Wednesday, 13 February 2008

INTRODUCTION

BACKGROUND HISTORY AND THE POLITICAL INFLUENCES

These notes on the history of Reigate's brewing industry do not boast to be in any way complete. They do, however, contain most of the information known so far, and serve only to lay down in a clear and concise manner, under one cover, guidelines for those who wish to delve further into this absorbing aspect of local history.

Men have brewed alcoholic beverages from time immemorial, so there must have been inns in existence in Reigate for centuries. Certainly thirsty pilgrims on their way to St. Thomas a Becket's shrine left the Pilgrims’ Way to descend into the town and settle the dust in their throats.

Owing to the scarcity of pre-16th century local records it is impossible to determine the size and extent of the brewing industry. Some of Reigate's inns have indeed a long life-span, and may well date back to mediaeval times. The Swan certainly has records as far back as 1452, in which year the election of the Prior of Reigate Priory took place [1]. Mention is also made of the Red Rose in the Compotus Rolls for 1446 [2]. The Red Cross is also purported to be of some antiquity, as too is the Bull's Head Inn.

It is also interesting to note that in the plan drawn up for Bryant's Survey [3], there appears an interesting feature on the south side of the High Street, immediately to the north of what was then termed " Mr. Barnes' field." The site lay between properties no. 206 & 204 on the plan, and takes the form of a large courtyard entirely closed-in to the east, south, and western aspects by other buildings. Although it must be stressed that this is purely conjecture by the author, it looks as though this could have been the site of a mediaeval galleried inn not unlike the George at Southwark.

In 1570 there were in Surrey 77 inns, 369 alehouses, and 8 taverns. The court rolls draw a distinction between innkeeper and alehouse keeper. Whilst the former provided food and lodging as well as drink, the latter, who was also frequently referred to as common tippler, dealt solely with liquor [4].

The original ale made prior to the 16th century was home-brewed from malted grain and yeast. Beer made with the addition of hops was imported from the Continent. This distinction was maintained throughout mediaeval England, for in 1440, ale was described as "Cervisia " in Promptorium Parvulorum [5], and is further qualified by the note "et hic nota bene quod est potus Anglorum". Beer, on the other hand, was defined as "Cervisia hummulina ", hopped with "sede for beyre ". The hopping of beer was severely discouraged by the authorities, the resultant beverage being described in 1437 as a "stew farmed by the foes of Flanders " . One hundred years later, Andrew Boorde in his book A Dyetary of Helth wrote of beer having been much used in England to the detriment of many English men [6].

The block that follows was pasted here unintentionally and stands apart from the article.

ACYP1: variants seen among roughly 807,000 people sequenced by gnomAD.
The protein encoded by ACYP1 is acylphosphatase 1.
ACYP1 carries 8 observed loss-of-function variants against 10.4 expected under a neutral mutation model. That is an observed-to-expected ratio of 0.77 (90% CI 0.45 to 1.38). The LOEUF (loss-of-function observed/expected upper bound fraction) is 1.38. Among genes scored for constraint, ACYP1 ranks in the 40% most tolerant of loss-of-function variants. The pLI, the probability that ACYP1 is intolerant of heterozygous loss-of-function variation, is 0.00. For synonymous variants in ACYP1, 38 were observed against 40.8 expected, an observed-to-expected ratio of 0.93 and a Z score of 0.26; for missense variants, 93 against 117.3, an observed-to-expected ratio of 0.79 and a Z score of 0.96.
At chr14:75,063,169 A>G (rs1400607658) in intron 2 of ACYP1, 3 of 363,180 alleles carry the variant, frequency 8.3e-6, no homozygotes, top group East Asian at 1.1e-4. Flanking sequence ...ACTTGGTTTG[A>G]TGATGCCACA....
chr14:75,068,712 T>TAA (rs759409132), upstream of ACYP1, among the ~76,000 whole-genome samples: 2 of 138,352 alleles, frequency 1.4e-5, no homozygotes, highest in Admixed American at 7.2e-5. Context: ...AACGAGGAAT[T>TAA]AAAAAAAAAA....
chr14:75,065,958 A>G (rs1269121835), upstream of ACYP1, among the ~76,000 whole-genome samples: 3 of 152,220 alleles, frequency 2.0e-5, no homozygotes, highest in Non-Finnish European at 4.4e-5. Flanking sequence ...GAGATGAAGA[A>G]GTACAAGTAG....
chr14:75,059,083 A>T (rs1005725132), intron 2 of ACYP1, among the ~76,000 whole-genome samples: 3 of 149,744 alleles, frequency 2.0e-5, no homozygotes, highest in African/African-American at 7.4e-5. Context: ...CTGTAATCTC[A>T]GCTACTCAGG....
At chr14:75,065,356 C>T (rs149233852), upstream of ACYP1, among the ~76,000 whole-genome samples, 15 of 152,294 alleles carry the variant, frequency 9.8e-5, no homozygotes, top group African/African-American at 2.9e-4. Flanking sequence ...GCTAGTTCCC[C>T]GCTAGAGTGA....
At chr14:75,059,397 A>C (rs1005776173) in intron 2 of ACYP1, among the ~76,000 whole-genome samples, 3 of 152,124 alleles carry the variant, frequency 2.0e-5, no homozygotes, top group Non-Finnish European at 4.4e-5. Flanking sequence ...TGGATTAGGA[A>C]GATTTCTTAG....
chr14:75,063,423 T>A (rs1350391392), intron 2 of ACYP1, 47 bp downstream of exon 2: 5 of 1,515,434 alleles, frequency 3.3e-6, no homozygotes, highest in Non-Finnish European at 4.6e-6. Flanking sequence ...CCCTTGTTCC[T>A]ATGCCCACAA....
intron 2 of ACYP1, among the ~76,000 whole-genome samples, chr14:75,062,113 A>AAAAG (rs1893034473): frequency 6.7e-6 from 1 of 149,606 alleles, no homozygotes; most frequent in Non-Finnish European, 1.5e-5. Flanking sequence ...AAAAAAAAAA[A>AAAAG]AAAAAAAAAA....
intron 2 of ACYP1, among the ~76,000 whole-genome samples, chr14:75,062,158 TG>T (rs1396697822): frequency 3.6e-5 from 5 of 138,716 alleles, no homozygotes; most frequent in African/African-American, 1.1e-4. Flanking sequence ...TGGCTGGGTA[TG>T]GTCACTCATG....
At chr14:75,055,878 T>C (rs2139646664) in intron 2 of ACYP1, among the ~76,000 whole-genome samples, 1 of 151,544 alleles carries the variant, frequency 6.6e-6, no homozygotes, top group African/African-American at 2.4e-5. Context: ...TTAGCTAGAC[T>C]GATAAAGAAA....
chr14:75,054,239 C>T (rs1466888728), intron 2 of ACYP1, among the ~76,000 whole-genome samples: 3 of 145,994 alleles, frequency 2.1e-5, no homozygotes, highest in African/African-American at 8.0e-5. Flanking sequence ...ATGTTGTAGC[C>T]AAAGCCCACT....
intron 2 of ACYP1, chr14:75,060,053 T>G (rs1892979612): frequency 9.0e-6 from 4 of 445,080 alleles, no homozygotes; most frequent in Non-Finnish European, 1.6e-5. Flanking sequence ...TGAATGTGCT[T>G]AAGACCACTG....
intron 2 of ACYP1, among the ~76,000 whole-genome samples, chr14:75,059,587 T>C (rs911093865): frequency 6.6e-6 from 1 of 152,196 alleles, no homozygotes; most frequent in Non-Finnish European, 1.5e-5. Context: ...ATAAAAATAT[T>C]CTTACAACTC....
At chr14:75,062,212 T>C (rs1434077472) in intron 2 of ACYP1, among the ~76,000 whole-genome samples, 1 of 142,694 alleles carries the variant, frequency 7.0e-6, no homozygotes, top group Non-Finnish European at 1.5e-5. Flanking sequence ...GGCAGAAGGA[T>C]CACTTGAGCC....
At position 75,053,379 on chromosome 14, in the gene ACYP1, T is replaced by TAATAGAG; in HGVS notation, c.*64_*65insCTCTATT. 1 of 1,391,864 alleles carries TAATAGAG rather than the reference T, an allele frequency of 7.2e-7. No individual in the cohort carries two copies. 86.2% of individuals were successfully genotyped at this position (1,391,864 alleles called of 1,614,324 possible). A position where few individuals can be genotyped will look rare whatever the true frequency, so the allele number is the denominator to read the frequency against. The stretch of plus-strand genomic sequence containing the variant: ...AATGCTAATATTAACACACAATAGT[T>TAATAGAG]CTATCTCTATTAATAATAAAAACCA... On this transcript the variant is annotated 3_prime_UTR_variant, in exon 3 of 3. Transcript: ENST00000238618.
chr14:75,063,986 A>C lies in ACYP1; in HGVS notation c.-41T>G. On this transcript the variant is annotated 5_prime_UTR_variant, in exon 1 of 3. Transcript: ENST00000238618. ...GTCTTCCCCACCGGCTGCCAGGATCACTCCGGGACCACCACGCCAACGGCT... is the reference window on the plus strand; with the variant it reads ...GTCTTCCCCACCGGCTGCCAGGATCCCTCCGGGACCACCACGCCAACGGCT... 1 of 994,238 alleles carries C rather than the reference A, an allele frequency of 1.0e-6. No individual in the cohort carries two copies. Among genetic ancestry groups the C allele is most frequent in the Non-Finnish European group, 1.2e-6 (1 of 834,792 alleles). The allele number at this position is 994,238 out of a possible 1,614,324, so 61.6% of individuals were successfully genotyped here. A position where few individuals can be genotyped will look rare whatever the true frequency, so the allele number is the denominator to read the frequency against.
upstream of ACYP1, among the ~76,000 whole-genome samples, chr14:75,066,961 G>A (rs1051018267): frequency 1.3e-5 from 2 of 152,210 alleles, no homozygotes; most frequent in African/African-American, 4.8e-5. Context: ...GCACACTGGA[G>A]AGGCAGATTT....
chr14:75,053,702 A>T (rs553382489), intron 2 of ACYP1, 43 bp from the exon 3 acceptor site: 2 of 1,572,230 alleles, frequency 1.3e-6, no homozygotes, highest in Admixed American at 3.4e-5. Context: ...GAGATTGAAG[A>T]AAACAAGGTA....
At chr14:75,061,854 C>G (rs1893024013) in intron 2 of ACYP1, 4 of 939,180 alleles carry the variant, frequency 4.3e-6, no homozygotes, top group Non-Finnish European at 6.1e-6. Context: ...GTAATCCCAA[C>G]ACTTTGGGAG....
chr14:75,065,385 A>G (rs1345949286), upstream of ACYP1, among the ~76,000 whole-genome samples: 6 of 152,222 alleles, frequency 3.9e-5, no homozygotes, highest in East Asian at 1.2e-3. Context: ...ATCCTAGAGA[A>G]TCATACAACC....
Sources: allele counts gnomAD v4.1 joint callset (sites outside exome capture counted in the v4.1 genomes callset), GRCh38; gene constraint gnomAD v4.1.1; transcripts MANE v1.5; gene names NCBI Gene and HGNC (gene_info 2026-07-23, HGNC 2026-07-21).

This prejudice against hopped beer must have been widespread, for in 1531 Henry VIII, in some guidelines for the reform of abuses within the Royal household, advised the brewer not to put any hops or brimstone into the ale. Indeed, hops were not extensively used until the 16th century; furthermore, they were positively discouraged. After this time, hopped beer took the place of ale as the common drink and the terms beer and ale became interchangeable [7]. Hops began increasingly to be grown throughout the Holmesdale valley and continued to be a valuable crop until the beginning of this century, when together with the demise of the brewing industry, the area of their cultivation shrank and now exists in Surrey only around Farnham [8].

The survey of 1623 speaks of hop grounds at Hooley and Santon, and hop gardens occur in the field names of the 18th century. Even in the town, there were oast houses with back gardens being put over to the cultivation of hops.

In 1615 it was recorded that Allen Venne was commanded to remove his "Oste" from under the house of his neighbour, Thomas Cole, to whom it caused annoyance [9]. A word of caution should be given here, for the term Oste used also to be applied to kilns for drying barley for malt, although it would make sense that the new ingredient, hops, would have been often dried in the earlier years of their introduction in malting kilns rather than in specially built kilns.

During the 16th, 17th, and 18th centuries, Reigate appears to have been lavishly supplied with inns and taverns. By 1607, there were 8 inns and about 14 licensed alehouses [10]. Between 1785 & 1825, there were on average 15 inns in the parish.

By the 18th century commercial brewers dominated the market, with home-brewing very much on the decline. Simultaneously, distillers developed the gin trade which appealed to the poorer classes because gin was both cheaper (than beer) and quicker in its effects.

Up to 1828, alehouses were controlled through a system of Recognisances taken by the Justices, and these were registered by the Clerk of the Peace, the registers still surviving among the Court of Quarter Sessions. Such Recognisances for Reigate are housed at the Surrey Record Office, Kingston [11].

By and large, the matching of victuallers' names to the particular premises from which they traded can sometimes be laborious, and at times uncertain. Assistance is given by Bryant's Survey, for in this document a list of tenants who polled during the years 1698, 1701, 1710, 1713, 1716, & 1722, is appended below each inn. It can be seen that it was not until the 18th century that a clearer picture began to emerge.

Between 1828 and 1830 licences to keep alehouses were granted by the Justices at Petty Sessions. Anyone who was granted a licence from the Justices then had to apply for an Excise licence.